The United Kingdom became a member of the EU in 1973 during the time of Edward Heath’s Conservative government. In June 2016 the Conservative government’s referendum concerning whether or not the UK should continue EU membership resulted in 52% of voters (17.4 million) choosing to leave. Thus the term ‘Brexit’ was born
The main institutions responsible for designing EU law – to which we have commitment until we leave the EU – are: the European Commission, European Parliament, and Council of the European Union (normally called ‘the Council’)
Many of those who voted to leave the EU did so because they wanted changes to the economic, social and political status. Many farmers voted ‘out’ because they disagreed with much of the EU’s Common Agricultural Policy (CAP) and other stratagem.
Government farming policy post-Brexit is concentrated on ending the Basic Payment Scheme [BPS] although it has committed to maintaining a similar scheme until 2022. The replacement policy will be focused on ‘delivering public goods’ with ‘environmental enhancement’ taking the centre stage. BPS will be phased out during ’a transition period’. It is assumed – but not stated – that the latter will be undertaken in stages.
In August 2015 Defra devised ten-point plan ‘for boosting productivity in rural areas’. Three years have since elapsed during which time implementation of the plan has, at best, been fragmentary. Arguably the following have not yet been achieved in many rural areas: fast and reliable broadband services; availability high quality mobile communications; modern transport connections; expanded apprenticeships; more housing in rural areas; increased availability of affordable childcare. If Defra cannot get this right, what chance for policy post-Brexit?
Following the Second World War Winston Churchill commented “We see nothing but good and hope in a richer, freer, more contented European commonality. But we have our own dream and our own task. We are with Europe, but not of it. We are linked, but not comprised. We are interested and associated, but not absorbed.”
We cannot plan for the future of farming and related rural industries post-Brexit without first taking a hard look at the status quo.
Farming is a business – a tough, hard, demanding vital industry on which every individual in the UK is dependent in a multiplicity of ways.
Popular perceptions undervalue farming. Farming is not ‘a sinecure for the landed gentry’. Farming is not an industry for people looking for an easy option. Farming is not for those not prepared to work to high standards. Farming is for the passionately motivated who recognise – and want to be part of – the invaluable contributions the industry makes regionally, nationally and internationally.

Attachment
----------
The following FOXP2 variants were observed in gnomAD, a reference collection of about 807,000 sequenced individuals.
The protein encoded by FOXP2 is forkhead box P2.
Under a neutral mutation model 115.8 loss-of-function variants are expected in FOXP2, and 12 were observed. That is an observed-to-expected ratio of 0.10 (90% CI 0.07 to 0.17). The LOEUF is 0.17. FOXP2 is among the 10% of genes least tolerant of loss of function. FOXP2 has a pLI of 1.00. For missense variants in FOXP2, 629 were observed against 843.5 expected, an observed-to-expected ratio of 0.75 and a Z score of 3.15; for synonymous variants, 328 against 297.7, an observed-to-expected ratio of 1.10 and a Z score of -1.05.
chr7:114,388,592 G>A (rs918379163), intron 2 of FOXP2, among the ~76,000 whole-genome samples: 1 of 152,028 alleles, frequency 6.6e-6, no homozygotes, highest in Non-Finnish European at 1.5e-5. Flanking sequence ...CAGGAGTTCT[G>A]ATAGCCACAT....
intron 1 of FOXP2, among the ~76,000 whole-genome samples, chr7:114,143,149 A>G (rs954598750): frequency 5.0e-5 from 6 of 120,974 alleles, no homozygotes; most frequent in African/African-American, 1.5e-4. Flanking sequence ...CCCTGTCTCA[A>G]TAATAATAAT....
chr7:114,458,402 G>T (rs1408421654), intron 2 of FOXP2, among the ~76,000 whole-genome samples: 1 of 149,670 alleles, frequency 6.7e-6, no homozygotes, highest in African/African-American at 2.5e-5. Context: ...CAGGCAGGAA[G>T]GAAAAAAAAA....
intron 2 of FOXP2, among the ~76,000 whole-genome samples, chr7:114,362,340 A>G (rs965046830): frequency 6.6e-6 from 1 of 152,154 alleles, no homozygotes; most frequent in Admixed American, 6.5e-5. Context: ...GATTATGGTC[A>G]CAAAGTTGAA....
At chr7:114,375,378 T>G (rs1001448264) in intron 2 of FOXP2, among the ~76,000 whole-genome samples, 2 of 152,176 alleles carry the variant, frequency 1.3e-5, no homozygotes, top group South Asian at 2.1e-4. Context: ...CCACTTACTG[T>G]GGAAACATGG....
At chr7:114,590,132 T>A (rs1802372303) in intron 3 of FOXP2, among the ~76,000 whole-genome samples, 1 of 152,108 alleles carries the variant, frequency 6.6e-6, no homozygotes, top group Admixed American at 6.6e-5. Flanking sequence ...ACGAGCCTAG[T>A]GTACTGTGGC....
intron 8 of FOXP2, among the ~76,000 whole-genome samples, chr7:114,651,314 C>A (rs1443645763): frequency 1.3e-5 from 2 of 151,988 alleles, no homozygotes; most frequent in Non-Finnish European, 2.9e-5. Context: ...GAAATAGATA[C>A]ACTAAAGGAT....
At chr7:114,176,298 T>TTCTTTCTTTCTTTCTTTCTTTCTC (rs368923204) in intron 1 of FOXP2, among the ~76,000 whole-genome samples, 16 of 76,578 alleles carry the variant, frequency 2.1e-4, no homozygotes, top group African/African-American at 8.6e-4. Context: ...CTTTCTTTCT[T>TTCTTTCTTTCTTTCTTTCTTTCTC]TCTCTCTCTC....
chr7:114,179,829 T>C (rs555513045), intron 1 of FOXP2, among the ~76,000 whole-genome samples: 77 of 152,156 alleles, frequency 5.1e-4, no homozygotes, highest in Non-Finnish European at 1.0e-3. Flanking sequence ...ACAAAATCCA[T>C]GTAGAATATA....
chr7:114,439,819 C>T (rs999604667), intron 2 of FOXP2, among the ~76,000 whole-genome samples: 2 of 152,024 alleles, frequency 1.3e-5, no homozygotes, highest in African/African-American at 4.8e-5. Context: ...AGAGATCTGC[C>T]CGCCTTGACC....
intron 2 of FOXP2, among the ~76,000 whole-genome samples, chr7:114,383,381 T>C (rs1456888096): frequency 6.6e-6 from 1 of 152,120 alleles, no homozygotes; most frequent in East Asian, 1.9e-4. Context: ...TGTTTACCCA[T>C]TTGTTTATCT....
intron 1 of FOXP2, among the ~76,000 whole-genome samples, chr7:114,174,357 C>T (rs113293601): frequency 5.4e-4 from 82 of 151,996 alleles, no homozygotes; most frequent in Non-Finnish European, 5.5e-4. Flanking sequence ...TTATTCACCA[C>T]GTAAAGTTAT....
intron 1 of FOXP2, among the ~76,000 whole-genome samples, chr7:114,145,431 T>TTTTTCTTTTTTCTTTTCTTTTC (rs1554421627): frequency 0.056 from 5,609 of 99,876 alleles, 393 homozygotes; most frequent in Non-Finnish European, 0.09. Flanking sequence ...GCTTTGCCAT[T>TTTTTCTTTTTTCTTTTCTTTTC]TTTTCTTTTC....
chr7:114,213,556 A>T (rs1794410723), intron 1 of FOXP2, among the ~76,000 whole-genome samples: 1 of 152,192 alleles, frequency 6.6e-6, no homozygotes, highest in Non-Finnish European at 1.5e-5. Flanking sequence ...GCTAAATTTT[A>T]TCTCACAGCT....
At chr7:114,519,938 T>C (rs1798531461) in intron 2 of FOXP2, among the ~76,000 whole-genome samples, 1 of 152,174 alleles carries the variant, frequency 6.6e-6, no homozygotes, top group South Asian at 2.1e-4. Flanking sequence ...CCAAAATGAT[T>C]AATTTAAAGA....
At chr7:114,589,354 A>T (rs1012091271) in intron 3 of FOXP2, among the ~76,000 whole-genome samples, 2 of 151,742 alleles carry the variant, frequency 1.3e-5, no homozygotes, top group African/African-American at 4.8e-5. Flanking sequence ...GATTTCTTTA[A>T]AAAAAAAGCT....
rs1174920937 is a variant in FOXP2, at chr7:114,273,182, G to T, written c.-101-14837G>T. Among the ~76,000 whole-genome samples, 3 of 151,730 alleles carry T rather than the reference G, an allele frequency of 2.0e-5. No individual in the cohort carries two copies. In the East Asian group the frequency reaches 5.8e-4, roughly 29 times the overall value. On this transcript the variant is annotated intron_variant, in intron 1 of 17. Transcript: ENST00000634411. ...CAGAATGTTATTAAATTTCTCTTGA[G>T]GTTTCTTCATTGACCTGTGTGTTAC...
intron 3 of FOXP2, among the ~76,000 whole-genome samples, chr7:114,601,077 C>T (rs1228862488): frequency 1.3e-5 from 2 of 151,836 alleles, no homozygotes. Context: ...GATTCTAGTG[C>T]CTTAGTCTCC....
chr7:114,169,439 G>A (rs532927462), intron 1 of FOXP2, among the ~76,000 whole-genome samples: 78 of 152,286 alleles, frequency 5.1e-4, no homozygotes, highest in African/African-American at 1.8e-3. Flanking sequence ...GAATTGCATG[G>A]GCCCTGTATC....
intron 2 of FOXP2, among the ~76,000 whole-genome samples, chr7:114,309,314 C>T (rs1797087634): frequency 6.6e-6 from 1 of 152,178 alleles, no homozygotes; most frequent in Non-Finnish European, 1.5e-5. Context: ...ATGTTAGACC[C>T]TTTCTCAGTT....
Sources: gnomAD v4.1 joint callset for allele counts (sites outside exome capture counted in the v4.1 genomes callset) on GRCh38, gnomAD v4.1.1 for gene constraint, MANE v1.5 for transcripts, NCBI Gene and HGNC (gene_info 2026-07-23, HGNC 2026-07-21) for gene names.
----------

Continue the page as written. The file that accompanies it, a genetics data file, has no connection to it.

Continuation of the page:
Over 70% of the UK’s land area is farmland. This designation includes farm meadows, woodlands, ponds and hedges that collectively benefit biodiversity and provide habitats for wildlife.
Farm sizes range from smallholdings of less than 2 hectares – mainly specialist horticultural businesses or ‘lifestyle-related’ – larger family farms of bewteen 50 and 2,000 hectares through to large companies, trusts and charities farming more than 3,000 hectares. Large farms above 100 hectares account for 22.4% of farm holdings and equate to three quarters of farm area.
British farmers currently receive approximately £3 billion from the EU. Farming output level is in the region of £9 billion or 0.7 per cent of GDP. 2015 figures indicate farmers also received £21 million related to animal disease compensations schemes, £91 million under the Less Favoured Areas support schemes and £26 million in other payments.
The UK’s contribution to the EU is estimated to be in the region of £9.8 billion – more than three times greater.
Between 2014 and 2020 the UK expected to receive €2.6 billion from the EU for the environment and rural development. A large component is directed at agri-environment schemes whereby farmers receive additional payments for practices which especially protect and enhance the environment. The government has committed to maintain these figures.
Throughout 2014/5 rural businesses accounted for 25% of all businesses in England, 16% of which were based on agriculture, forestry and fishing.
During 2015 – last available composite figures – farming made a major contribution worth at least 7.4 times the support received via direct payments. During the same period, overall agriculture contributed around £24 billion revenues and around £8.5 billion of Gross Value Added to the UK economy.
Overall in 2015 the UK trade figure for agricultural and food products was about £20.5 billion (exports £18 billion, imports £38.5 billion). During 2016 the value of imports was greater than the value of exports in each of the broad categories of food, feed and drink except ‘beverages’ which recorded a trade surplus of £1.35 billion (largely due to exports of Scotch whisky).